Archive for September, 2007|Monthly archive page

Life as a Montage

There is a tendency in me to picture my life in scenes, as if they were part of a movie. I don’t know if that’s good or bad. I think it’s neutral, depending on what I do with it. If I expect life to be this way, I am bound to be disappointed. If I just see it as an amusing flight of fancy, I might get a kick out of it, or even an inspiration.

Regrettably, I think I tend to be more disappointed than inspired.

I once was in love with a girl. I pictured us in different scenes. In some of them, we strolled at night, I gently stroked her cheek, she smiled and knew what I wanted to say without me even saying it.
And then we kissed. And laughed. And it was magical. And pretty ridiculous.
In another scene, we sat on the couch at my apartment, watching a movie. Then suddenly, she put her head on my shoulder, leaning against me. I put my arms around her and we just sat there, holding each other, without saying a word.
There were more “scenes” like these, all of them framed with the exact appropriate shots in my mind. Some of them even had background music. I derived great joy from these imaginings, but I also knew they were dangerous, I knew that if she doesn’t feel as I do, I am in for a great big huge fall. A thundering disappointment.
At the end, I didn’t really find the perfect moment or the perfect timing to be with her alone. I guess I was afraid to actually cross the Imaginary Zone and step into reality. I thought she felt the same way, but I wasn’t sure.

One night, while we were casually talking, she mentioned that she has a date with some guy. I guess the disappointment showed clearly on my face, although I didn’t say anything. The next day she apologized for hurting my feelings and said she only sees me as a Good Friend. Or in other words, a male girlfriend. How sweet.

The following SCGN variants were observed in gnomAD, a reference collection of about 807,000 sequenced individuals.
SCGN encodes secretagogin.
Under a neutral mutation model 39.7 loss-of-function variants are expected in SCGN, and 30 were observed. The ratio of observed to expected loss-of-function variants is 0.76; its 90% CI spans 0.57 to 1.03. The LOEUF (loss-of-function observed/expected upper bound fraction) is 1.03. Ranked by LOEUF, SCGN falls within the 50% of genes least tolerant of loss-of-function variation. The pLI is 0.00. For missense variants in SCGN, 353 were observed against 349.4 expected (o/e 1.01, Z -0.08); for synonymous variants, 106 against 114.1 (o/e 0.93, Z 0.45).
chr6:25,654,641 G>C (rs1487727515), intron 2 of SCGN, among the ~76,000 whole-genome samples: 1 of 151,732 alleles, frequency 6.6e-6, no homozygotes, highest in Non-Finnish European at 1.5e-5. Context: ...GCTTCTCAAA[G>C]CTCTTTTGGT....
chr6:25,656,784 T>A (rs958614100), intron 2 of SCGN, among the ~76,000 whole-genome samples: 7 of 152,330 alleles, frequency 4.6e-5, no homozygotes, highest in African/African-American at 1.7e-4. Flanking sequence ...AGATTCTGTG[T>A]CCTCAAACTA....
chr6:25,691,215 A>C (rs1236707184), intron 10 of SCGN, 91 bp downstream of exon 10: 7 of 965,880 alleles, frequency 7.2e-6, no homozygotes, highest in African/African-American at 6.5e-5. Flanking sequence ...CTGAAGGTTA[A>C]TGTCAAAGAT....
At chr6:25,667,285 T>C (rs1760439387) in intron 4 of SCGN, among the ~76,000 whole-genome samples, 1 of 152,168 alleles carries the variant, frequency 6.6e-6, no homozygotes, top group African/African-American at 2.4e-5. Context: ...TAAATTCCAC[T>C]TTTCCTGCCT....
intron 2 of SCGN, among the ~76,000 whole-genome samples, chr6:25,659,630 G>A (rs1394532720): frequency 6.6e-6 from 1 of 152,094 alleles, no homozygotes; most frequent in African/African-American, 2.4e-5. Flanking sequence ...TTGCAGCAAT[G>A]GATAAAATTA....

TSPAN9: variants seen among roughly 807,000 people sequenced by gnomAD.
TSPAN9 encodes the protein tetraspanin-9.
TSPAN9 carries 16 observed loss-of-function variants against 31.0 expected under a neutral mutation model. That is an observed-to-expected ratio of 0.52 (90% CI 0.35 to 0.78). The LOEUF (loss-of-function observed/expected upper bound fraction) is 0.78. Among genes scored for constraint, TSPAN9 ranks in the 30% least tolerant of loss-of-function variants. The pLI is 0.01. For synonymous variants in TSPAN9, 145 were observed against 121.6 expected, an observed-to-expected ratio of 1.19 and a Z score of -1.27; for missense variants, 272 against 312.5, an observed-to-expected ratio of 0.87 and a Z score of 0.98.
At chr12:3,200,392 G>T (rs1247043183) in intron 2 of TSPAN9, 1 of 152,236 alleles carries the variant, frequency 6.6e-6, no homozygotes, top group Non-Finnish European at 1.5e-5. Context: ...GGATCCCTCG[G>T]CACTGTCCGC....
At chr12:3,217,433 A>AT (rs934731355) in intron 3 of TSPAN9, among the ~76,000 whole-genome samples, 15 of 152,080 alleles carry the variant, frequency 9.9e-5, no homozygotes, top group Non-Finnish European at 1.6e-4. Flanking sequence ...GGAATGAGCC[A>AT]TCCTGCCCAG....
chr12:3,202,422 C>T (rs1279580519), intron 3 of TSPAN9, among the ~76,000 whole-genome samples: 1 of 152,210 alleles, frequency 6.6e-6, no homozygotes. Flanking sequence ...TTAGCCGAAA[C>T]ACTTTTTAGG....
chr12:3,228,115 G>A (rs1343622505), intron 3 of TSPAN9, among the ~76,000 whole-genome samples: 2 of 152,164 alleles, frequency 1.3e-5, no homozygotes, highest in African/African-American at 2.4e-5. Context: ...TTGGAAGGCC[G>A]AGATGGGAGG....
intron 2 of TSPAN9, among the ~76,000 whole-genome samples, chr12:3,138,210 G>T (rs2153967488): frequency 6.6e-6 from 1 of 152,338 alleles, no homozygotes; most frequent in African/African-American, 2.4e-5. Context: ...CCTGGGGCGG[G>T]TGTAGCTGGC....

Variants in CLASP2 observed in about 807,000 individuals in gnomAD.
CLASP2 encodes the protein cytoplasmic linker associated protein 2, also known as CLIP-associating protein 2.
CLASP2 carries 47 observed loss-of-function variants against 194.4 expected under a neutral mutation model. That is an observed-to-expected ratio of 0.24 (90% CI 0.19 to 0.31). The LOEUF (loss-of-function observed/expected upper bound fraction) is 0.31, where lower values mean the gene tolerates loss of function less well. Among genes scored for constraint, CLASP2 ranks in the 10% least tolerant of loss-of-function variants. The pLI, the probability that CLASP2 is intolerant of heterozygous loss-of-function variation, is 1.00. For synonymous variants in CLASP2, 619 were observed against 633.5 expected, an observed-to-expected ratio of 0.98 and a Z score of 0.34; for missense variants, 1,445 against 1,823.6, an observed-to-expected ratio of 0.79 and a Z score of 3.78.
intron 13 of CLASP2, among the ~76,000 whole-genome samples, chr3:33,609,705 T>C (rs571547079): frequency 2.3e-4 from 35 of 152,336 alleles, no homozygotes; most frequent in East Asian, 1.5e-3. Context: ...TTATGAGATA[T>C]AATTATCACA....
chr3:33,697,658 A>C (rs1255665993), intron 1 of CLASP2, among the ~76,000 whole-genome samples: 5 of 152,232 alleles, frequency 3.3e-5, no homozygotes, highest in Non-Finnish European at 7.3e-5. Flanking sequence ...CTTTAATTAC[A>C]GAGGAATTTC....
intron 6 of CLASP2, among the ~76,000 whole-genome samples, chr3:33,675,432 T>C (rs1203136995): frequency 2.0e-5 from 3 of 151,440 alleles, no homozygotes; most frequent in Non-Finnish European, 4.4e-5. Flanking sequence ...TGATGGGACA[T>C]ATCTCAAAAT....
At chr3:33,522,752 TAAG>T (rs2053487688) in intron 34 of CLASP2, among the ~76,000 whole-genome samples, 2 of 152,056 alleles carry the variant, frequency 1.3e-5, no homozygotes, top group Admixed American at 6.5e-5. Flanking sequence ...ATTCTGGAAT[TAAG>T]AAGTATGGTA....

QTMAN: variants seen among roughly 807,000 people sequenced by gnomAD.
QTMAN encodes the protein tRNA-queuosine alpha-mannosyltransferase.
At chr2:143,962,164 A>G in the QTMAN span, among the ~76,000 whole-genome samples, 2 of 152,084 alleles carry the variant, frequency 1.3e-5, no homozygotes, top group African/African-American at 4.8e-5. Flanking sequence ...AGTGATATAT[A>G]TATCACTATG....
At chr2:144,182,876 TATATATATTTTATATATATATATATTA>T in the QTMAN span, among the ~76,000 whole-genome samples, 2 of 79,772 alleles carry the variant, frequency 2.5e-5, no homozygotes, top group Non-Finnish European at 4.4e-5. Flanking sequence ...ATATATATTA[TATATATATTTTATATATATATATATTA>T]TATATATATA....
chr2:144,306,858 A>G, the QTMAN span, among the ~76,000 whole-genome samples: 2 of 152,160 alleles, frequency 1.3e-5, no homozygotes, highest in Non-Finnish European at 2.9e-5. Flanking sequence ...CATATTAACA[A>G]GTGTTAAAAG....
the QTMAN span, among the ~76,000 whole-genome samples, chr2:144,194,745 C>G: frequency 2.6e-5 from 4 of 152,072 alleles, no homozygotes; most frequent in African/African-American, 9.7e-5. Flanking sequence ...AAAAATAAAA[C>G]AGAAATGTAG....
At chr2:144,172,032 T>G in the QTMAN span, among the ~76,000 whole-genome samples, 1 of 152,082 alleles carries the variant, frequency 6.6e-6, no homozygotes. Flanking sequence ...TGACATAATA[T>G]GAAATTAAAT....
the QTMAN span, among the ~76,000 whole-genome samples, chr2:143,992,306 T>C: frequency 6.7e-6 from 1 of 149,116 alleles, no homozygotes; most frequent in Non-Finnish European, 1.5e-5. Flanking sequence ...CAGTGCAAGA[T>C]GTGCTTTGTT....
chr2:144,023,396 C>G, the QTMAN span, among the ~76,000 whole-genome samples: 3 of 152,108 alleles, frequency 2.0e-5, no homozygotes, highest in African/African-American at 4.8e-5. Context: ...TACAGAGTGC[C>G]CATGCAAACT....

That scene wasn’t even close to what I imagined. The dialogue was awkward, I stumbled and mumbled. We weren’t standing in a street corner with soft light on our faces, but sitting on the grass in broad daylight. And not long after that it just ended. Our friendship, I mean.

There were no big speeches, no emotional, heart-breaking moments. We kept in touch for a while and then we just didn’t anymore. It was over. I was heart-broken and lost. It was confusing, pointless, drawn-out.

It was real life.

A movie scene is a carefully structured slice of heightened reality. It usually has some kind of conflict at its core, because conflict is drama and drama is interesting to watch (that’s actually something not very positive in real life. We wouldn’t want to be in conflict all the time, would we? On the other hand, in movies as in life, conflict usually breeds a progress of some sort).
It usually has a to-the-point dialogue. People in movies say the exact, appropriate words, even if they mumble them. They don’t go home thinking: “Yes! That’s what I should’ve said!” as it is in real life. In movies, timing is almost always perfect. It has to be.

If we are to create drama, we must condense life, we must take a situation and dramatize it. For example: Three different phone calls between estranged lovers, each phone call by its own is drawn out, too long, too full of fat. We take it and condense it into one heated, dramatic conversation. We cut to the chase. We mine the conflict. We unveil the dramatic core. A dramatic scene is a clean, efficient, stylized facsimile of life. Storytelling, or drama, as Hitchcock once said, is life without the boring, pointless bits.

Of course, people do have experiences and life journeys as depicted in the movies, it’s just not happening the same way. For example, during the pre-production for my short film, I ran to and fro, been in this location and in that location, did this and did that, sat in front of the computer for hours, sending and answering e-mails… at some point, when I was nearly exhausted, I had a comforting thought: Hey, this is a montage!

You know how in the movies, when someone is going through a long, result-oriented process over a period of a few days or weeks or even hours, we get to see a montage? (The best example is of course the training montages in all those Rocky films). Well, this is exactly what I was experiencing. I was having My Montage. If this was a movie, all these past few weeks would have been condensed into a carefully edited reel of 3-5 minutes, with some cool song or music in the background. Maybe even “Eye of the Tiger”!